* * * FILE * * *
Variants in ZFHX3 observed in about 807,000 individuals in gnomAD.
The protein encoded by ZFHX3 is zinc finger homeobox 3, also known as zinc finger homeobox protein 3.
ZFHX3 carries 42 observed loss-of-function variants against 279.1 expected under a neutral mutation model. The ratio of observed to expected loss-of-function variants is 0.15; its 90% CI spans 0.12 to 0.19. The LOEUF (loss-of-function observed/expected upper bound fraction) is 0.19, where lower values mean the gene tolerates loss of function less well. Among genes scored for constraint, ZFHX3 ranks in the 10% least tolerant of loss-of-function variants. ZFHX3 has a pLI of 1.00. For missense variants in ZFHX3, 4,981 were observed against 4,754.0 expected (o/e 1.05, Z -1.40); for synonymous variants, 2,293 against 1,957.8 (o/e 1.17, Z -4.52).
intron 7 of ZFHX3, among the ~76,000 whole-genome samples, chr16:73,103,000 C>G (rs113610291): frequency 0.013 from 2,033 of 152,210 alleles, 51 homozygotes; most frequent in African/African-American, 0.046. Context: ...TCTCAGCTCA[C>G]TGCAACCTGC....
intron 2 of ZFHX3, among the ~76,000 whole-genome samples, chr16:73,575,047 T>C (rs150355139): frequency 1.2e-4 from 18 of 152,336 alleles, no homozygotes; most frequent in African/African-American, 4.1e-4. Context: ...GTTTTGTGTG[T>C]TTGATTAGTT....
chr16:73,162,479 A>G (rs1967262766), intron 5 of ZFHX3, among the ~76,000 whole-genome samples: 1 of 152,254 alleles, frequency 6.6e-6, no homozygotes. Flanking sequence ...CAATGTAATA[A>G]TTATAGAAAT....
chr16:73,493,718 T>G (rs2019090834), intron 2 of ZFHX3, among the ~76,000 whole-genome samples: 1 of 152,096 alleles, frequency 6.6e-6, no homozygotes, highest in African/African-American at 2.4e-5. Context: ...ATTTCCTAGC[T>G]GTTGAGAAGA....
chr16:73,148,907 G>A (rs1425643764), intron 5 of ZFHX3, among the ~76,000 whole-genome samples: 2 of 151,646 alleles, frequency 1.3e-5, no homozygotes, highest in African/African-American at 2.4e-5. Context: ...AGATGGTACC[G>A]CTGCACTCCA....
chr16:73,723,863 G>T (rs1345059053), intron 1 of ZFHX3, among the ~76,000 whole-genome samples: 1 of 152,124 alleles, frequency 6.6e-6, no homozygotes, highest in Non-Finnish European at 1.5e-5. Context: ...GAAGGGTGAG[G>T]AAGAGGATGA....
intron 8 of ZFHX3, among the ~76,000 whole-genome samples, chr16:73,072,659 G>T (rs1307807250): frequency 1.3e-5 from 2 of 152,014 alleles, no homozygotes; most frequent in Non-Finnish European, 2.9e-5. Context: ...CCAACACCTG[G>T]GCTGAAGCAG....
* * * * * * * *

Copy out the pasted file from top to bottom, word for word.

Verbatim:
Variants in ZFHX3 observed in about 807,000 individuals in gnomAD.
The protein encoded by ZFHX3 is zinc finger homeobox 3, also known as zinc finger homeobox protein 3.
ZFHX3 carries 42 observed loss-of-function variants against 279.1 expected under a neutral mutation model. The ratio of observed to expected loss-of-function variants is 0.15; its 90% CI spans 0.12 to 0.19. The LOEUF (loss-of-function observed/expected upper bound fraction) is 0.19, where lower values mean the gene tolerates loss of function less well. Among genes scored for constraint, ZFHX3 ranks in the 10% least tolerant of loss-of-function variants. ZFHX3 has a pLI of 1.00. For missense variants in ZFHX3, 4,981 were observed against 4,754.0 expected (o/e 1.05, Z -1.40); for synonymous variants, 2,293 against 1,957.8 (o/e 1.17, Z -4.52).
intron 7 of ZFHX3, among the ~76,000 whole-genome samples, chr16:73,103,000 C>G (rs113610291): frequency 0.013 from 2,033 of 152,210 alleles, 51 homozygotes; most frequent in African/African-American, 0.046. Context: ...TCTCAGCTCA[C>G]TGCAACCTGC....
intron 2 of ZFHX3, among the ~76,000 whole-genome samples, chr16:73,575,047 T>C (rs150355139): frequency 1.2e-4 from 18 of 152,336 alleles, no homozygotes; most frequent in African/African-American, 4.1e-4. Context: ...GTTTTGTGTG[T>C]TTGATTAGTT....
chr16:73,162,479 A>G (rs1967262766), intron 5 of ZFHX3, among the ~76,000 whole-genome samples: 1 of 152,254 alleles, frequency 6.6e-6, no homozygotes. Flanking sequence ...CAATGTAATA[A>G]TTATAGAAAT....
chr16:73,493,718 T>G (rs2019090834), intron 2 of ZFHX3, among the ~76,000 whole-genome samples: 1 of 152,096 alleles, frequency 6.6e-6, no homozygotes, highest in African/African-American at 2.4e-5. Context: ...ATTTCCTAGC[T>G]GTTGAGAAGA....
chr16:73,148,907 G>A (rs1425643764), intron 5 of ZFHX3, among the ~76,000 whole-genome samples: 2 of 151,646 alleles, frequency 1.3e-5, no homozygotes, highest in African/African-American at 2.4e-5. Context: ...AGATGGTACC[G>A]CTGCACTCCA....
chr16:73,723,863 G>T (rs1345059053), intron 1 of ZFHX3, among the ~76,000 whole-genome samples: 1 of 152,124 alleles, frequency 6.6e-6, no homozygotes, highest in Non-Finnish European at 1.5e-5. Context: ...GAAGGGTGAG[G>T]AAGAGGATGA....
intron 8 of ZFHX3, among the ~76,000 whole-genome samples, chr16:73,072,659 G>T (rs1307807250): frequency 1.3e-5 from 2 of 152,014 alleles, no homozygotes; most frequent in Non-Finnish European, 2.9e-5. Context: ...CCAACACCTG[G>T]GCTGAAGCAG....